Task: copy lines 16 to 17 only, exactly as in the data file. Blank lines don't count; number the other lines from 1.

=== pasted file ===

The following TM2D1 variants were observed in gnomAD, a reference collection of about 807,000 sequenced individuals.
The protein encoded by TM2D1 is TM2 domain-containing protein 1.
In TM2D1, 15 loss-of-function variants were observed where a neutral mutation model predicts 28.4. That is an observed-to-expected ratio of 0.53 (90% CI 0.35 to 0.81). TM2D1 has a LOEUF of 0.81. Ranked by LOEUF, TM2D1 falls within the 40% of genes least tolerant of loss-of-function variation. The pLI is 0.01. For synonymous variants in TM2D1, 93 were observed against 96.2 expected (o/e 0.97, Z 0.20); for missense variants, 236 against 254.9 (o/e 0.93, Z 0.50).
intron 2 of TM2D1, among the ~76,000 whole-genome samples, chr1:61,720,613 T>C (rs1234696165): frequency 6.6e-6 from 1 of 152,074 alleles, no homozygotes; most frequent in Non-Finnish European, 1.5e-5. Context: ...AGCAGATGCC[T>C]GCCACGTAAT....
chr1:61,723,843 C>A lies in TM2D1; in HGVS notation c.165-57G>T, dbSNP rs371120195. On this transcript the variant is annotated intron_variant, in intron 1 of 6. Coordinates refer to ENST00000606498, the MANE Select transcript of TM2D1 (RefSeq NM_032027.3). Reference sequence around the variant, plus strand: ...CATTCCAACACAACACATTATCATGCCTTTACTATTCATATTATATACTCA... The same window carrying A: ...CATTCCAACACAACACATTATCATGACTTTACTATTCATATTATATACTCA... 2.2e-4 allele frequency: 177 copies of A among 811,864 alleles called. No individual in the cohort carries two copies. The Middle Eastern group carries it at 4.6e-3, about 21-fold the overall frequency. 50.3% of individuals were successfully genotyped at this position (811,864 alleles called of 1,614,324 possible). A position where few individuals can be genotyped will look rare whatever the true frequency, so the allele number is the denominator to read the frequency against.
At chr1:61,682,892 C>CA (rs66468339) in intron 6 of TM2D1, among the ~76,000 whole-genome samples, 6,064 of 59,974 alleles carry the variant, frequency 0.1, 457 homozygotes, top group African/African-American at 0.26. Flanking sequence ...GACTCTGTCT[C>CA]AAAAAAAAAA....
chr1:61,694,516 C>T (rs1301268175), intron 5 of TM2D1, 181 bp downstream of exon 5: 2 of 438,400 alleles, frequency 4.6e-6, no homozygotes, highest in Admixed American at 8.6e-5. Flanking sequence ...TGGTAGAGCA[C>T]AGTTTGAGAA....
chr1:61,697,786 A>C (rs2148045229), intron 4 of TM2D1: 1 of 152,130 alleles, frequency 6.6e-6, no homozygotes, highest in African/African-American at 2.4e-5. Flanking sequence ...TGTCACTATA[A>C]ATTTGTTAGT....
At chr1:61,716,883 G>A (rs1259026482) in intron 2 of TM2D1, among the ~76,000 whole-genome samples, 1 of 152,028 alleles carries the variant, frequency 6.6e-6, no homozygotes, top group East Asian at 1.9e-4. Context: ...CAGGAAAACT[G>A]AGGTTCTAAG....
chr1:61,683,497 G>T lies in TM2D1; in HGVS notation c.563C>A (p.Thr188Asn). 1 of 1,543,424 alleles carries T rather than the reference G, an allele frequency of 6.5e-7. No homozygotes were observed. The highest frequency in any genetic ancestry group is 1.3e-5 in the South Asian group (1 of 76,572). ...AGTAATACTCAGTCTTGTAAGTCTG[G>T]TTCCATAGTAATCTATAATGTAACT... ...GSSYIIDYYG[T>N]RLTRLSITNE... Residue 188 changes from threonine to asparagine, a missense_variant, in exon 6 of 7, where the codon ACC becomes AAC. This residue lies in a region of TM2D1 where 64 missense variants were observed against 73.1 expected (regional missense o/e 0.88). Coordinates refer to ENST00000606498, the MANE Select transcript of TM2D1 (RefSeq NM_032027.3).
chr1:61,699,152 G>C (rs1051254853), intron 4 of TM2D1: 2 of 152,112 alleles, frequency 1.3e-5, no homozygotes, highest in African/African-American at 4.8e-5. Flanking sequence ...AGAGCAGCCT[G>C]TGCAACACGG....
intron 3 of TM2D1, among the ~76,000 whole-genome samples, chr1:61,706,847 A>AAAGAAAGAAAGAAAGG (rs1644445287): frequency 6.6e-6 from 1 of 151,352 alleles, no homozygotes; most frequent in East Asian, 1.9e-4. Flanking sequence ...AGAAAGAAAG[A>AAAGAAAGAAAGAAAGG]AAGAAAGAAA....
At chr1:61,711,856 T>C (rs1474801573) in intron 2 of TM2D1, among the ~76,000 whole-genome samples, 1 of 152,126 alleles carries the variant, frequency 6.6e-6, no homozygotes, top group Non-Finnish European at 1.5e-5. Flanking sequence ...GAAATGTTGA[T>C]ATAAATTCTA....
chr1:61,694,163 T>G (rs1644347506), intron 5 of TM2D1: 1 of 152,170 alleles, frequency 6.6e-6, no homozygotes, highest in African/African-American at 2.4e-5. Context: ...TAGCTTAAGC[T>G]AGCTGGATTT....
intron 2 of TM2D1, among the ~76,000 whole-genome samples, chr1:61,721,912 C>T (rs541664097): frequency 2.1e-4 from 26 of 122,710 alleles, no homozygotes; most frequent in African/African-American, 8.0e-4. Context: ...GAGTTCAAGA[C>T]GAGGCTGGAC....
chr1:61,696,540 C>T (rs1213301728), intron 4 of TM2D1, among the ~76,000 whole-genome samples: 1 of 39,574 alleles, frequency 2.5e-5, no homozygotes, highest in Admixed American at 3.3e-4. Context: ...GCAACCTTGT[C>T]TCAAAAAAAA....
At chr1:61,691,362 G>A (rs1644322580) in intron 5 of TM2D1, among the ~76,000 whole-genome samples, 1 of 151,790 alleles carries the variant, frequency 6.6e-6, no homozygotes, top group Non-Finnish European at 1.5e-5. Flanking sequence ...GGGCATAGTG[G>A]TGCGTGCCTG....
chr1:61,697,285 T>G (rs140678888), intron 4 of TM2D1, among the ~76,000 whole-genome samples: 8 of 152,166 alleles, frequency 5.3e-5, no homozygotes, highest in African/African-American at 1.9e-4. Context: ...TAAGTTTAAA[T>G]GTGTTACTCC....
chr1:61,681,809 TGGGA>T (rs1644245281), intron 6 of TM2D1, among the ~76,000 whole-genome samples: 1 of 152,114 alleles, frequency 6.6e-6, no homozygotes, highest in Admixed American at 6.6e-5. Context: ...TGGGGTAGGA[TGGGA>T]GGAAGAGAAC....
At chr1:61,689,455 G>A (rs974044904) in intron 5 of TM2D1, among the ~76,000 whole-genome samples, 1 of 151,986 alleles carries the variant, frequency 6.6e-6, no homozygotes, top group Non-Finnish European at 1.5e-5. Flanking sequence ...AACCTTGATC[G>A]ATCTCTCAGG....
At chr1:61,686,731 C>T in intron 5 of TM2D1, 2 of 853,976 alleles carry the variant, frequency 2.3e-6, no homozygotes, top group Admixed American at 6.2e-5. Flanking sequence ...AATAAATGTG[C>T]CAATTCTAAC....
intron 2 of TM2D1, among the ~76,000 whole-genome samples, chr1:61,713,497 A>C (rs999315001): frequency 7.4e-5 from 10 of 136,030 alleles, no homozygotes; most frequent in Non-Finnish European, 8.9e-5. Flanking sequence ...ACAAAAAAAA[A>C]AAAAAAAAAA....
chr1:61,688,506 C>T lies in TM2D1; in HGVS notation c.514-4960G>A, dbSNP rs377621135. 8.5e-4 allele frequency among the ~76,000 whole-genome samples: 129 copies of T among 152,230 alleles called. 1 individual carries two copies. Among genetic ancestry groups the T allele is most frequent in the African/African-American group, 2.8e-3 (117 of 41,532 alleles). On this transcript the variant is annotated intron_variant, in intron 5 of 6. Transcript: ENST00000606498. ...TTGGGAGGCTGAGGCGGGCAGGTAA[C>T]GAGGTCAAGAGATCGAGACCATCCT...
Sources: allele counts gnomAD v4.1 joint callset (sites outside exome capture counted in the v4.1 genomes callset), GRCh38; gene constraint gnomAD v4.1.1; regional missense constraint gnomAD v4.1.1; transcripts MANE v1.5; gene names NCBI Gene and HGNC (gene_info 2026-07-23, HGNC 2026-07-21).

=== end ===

chr1:61,696,540 C>T (rs1213301728), intron 4 of TM2D1, among the ~76,000 whole-genome samples: 1 of 39,574 alleles, frequency 2.5e-5, no homozygotes, highest in Admixed American at 3.3e-4. Context: ...GCAACCTTGT[C>T]TCAAAAAAAA....
At chr1:61,691,362 G>A (rs1644322580) in intron 5 of TM2D1, among the ~76,000 whole-genome samples, 1 of 151,790 alleles carries the variant, frequency 6.6e-6, no homozygotes, top group Non-Finnish European at 1.5e-5. Flanking sequence ...GGGCATAGTG[G>A]TGCGTGCCTG....